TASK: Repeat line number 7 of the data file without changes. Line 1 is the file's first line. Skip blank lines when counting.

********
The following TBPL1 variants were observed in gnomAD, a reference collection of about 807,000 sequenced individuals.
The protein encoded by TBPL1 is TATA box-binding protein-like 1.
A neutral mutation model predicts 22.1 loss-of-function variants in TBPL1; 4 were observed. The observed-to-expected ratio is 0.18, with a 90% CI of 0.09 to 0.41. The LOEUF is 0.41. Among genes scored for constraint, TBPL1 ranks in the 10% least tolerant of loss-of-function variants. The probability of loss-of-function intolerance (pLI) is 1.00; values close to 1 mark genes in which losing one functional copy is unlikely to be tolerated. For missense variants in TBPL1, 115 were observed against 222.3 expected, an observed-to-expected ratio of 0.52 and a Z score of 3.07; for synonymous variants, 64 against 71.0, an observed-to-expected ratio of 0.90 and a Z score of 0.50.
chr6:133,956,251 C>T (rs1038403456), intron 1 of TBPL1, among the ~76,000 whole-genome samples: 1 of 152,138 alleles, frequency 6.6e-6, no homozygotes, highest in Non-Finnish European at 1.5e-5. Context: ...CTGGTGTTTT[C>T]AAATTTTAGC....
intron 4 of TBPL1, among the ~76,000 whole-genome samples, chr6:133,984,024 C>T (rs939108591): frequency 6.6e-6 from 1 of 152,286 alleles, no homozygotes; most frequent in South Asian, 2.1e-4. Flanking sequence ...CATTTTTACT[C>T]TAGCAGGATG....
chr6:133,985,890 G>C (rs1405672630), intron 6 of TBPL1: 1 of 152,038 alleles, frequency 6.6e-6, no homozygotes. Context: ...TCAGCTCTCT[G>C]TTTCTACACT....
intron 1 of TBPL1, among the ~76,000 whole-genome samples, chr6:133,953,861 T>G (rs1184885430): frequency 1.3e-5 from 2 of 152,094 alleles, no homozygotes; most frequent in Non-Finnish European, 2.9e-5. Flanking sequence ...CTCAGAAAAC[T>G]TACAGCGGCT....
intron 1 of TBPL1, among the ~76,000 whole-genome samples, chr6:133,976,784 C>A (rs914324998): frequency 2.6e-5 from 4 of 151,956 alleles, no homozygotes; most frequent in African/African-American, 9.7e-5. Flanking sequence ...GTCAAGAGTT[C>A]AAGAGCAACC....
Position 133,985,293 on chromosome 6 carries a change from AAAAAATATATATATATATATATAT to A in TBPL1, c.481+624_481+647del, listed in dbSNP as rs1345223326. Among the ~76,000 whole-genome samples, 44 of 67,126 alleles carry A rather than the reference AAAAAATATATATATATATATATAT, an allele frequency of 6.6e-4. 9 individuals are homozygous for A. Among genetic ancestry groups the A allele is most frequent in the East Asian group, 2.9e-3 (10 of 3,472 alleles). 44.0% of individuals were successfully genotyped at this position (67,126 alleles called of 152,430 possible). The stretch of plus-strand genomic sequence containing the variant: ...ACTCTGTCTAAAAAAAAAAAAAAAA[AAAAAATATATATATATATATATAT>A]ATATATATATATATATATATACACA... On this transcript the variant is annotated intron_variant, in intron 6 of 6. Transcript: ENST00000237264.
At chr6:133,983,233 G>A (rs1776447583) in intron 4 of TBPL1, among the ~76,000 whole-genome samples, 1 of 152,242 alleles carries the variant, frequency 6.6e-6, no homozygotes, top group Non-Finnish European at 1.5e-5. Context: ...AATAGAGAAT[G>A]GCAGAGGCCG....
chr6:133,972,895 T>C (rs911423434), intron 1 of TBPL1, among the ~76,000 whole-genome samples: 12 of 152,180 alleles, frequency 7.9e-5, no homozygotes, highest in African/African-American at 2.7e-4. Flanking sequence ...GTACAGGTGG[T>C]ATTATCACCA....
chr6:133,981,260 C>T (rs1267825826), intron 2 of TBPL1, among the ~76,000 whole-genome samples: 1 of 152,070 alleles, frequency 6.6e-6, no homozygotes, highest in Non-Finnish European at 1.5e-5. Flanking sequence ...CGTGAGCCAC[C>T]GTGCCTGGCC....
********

intron 1 of TBPL1, among the ~76,000 whole-genome samples, chr6:133,953,861 T>G (rs1184885430): frequency 1.3e-5 from 2 of 152,094 alleles, no homozygotes; most frequent in Non-Finnish European, 2.9e-5. Flanking sequence ...CTCAGAAAAC[T>G]TACAGCGGCT....